New Career Opportunities Daily: The best jobs in media.
10/15/2010 - 14:15

2010/10/15 -- Jeff Allen
10/15/2010 - 08:00

Posted by Mike Schuster & Kaisuke Nakajima, Google Research

Google Voice Search has been available in various flavors of English since 2008, in Mandarin and Japanese since 2009, in French, Italian, German and Spanish since June 2010 (see also in this blog post), and shortly after that in Taiwanese. On June 16th 2010, we took the next step by launching our Korean Voice Search system.

Korean Voice Search, by focusing on finding the correct web page for a spoken query, has been quite successful since launch. We have improved the acoustic models several times which resulted in significantly higher accuracy and reduced latency, and we are committed to improving it even more over time.

While voice search significantly simplifies input for search, especially for longer queries, there are numerous applications on any smartphone that could also benefit from general voice input, such as dictating an email or an SMS. Our experience with US English has taught us that voice input is as important as voice search, as the time savings from speaking rather than typing a message are substantial. Korean is the first non-English language where we are launching general voice input. This launch extends voice input to emails, SMS messages, and more on Korean Android phones. Now every text field on the phone will accept Korean speech input.

Creating a general voice input service had different requirements and technical challenges compared to voice search. While voice search was optimized to give the user the correct web page, voice input was optimized to minimize (Hangul) character error rate. Voice inputs are usually longer than searches (short full sentences or parts of sentences), and the system had to be trained differently for this type of data. The current system’s language model was trained on millions of Korean sentences that are similar to those we expect to be spoken. In addition to the queries we used for training voice search, we also used parts of web pages, selected blogs, news articles and more. Because the system expects spoken data similar to what it was trained on, it will generally work well on normal spoken sentences, but may yet have difficulty on random or rare word sequences -- we will work to keep improving on those.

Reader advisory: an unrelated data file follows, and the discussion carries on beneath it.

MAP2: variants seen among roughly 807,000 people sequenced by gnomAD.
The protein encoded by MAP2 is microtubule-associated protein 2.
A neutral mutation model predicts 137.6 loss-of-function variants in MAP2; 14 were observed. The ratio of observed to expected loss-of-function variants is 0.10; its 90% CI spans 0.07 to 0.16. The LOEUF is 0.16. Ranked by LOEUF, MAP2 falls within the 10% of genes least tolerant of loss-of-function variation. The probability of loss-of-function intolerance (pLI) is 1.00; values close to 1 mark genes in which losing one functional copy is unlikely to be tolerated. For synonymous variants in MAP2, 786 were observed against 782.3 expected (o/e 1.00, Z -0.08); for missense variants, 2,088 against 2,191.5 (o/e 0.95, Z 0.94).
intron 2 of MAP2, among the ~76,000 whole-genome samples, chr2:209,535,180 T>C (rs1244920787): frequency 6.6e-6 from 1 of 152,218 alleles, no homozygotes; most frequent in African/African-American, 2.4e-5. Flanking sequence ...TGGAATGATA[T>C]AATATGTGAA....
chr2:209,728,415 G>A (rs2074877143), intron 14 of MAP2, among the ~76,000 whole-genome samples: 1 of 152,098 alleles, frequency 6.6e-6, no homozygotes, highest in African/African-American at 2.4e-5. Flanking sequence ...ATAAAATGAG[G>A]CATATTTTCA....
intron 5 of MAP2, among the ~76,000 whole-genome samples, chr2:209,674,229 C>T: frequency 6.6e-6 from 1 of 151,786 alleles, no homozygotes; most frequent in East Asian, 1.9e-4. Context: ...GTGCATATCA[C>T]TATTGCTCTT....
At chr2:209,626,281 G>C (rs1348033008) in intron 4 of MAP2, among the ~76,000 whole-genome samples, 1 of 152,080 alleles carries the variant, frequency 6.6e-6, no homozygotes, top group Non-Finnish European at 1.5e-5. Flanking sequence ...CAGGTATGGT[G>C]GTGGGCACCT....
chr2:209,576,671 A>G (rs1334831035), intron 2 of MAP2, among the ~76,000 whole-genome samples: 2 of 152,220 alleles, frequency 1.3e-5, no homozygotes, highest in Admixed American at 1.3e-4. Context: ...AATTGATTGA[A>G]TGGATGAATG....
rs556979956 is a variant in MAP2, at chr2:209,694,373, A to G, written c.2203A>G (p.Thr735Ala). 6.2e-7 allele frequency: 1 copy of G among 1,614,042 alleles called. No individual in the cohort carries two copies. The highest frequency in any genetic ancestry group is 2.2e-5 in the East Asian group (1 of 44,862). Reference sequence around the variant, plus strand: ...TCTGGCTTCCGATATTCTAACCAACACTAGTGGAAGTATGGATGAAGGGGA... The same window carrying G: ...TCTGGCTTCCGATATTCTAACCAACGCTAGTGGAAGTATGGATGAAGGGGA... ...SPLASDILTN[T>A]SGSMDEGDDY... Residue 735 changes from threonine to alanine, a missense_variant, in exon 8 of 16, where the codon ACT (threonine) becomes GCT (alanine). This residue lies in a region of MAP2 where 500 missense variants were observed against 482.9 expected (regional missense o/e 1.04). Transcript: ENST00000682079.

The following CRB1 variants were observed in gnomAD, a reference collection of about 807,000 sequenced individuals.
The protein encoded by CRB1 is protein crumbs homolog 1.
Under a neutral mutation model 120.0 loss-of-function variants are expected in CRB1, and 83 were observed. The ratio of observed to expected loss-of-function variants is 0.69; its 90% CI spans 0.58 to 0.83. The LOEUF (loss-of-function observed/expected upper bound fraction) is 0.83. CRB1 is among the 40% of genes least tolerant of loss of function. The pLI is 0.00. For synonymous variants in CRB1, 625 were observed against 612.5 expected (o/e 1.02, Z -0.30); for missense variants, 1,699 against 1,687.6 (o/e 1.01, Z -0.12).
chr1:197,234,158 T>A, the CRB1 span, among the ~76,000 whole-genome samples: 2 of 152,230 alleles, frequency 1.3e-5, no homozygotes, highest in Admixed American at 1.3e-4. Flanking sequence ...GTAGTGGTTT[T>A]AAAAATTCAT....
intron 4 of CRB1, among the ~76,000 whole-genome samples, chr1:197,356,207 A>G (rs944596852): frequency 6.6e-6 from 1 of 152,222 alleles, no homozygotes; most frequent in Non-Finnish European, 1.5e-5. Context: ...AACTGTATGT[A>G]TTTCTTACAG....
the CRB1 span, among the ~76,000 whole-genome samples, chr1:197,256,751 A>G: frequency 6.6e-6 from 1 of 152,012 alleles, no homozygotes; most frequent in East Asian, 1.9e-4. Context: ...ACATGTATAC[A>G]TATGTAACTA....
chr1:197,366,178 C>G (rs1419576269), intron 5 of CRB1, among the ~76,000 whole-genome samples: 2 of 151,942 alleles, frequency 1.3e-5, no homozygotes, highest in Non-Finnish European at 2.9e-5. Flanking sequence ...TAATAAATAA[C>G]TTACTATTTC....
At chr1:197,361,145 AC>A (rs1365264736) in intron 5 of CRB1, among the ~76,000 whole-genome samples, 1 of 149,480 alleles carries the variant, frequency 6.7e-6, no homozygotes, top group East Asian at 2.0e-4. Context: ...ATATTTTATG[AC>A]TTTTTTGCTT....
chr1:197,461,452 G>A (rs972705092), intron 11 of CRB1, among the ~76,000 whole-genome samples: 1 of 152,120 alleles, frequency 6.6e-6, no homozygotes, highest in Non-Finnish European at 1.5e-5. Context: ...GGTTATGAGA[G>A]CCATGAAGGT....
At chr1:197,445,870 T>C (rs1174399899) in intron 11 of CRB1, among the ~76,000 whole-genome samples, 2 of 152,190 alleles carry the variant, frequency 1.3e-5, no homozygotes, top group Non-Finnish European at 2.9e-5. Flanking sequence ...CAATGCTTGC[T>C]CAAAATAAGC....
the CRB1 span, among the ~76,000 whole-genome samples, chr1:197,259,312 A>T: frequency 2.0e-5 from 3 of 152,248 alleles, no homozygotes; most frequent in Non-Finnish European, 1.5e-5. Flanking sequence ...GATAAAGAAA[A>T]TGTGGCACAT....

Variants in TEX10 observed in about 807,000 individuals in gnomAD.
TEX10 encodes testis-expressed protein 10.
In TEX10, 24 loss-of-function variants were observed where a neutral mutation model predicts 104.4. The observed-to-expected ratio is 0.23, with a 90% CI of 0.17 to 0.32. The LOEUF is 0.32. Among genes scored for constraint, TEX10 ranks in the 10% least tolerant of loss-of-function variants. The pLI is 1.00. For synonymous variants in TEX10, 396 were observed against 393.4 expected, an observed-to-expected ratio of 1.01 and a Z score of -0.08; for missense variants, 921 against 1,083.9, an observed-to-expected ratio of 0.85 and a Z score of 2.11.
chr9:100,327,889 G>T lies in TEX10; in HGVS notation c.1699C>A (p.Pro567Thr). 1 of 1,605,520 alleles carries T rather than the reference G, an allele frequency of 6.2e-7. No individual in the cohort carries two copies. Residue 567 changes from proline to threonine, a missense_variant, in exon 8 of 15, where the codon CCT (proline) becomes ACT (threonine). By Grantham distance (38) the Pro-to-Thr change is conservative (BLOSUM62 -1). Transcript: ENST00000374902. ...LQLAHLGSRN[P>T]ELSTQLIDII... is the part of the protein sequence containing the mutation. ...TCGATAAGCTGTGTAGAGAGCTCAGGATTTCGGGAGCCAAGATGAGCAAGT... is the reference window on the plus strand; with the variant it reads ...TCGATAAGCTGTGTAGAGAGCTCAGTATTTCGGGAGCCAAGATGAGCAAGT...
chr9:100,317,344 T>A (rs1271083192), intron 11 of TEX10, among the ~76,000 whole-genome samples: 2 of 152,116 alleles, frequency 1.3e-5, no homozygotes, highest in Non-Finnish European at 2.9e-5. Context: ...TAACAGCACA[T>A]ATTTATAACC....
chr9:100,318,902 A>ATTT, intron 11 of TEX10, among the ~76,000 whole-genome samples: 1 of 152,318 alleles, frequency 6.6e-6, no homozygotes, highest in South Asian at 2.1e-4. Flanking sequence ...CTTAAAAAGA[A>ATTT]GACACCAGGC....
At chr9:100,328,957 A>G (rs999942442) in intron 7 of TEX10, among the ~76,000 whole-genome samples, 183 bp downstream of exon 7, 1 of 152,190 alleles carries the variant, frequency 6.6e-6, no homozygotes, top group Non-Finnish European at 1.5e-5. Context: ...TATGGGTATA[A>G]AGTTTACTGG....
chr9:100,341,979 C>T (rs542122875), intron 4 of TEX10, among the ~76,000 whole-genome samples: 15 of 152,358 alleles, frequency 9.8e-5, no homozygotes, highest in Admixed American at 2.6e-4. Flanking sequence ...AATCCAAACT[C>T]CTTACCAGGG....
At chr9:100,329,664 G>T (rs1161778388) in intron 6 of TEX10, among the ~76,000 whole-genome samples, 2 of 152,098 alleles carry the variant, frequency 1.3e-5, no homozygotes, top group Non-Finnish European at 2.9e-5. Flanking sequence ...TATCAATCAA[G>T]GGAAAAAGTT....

Korean voice input is part of Google’s long-term goal to make speech input an acceptable and useful form of input on any mobile device. As with voice search, our cloud computing infrastructure will help us to improve quality quickly, as we work to better support all noise conditions, all Korean dialects, and all Korean users.;5715a7f.1010b
10/14/2010 - 07:00

Dear all,

[apologies for cross-postings]

I've compiled a list of conferences/deadlines with relevance to our community. I aim to send an updated overview every once in a while.

There's a printerfriendly version for hanging on your wall at

First, here's a list of popular conferences that are *missing*.
If you know someone from the organizing team, please point them to our calendar [...]
10/14/2010 - 07:00


"Bringing MT to the User: Research on Integrating MT in the Translation Industry"
Second Joint EM+/CNGL Workshop (JEC 2010)

At the AMTA 2010 conference (, the EuroMatrix+ Project ( and the Centre for Next Generation Localisation ( are organising the Second Joint EM+/CNGL Workshop, titled "Bringing MT to the User: Research on Integrating MT in the Translation Industry". The workshop will take place in Denver, Colorado on 4 November 2010, immediately after the main AMTA 2010 conference.

Recent years have seen a revolution in MT triggered by the emergence of statistical approaches to MT and improvements in translation quality. MT (rule-based, statistical
10/08/2010 - 07:20

First International Conference on Robot, Vision and Signal Processing [Kaohsiung City, Taiwan] [Nov 21, 2011 - Nov 23, 2011]
10/08/2010 - 07:20

Agreement focused on advancing natural language processing technologies to drive evidence-based care and improve patient outcomes.
10/08/2010 - 07:20

2010/10/07 -- Alon Lavie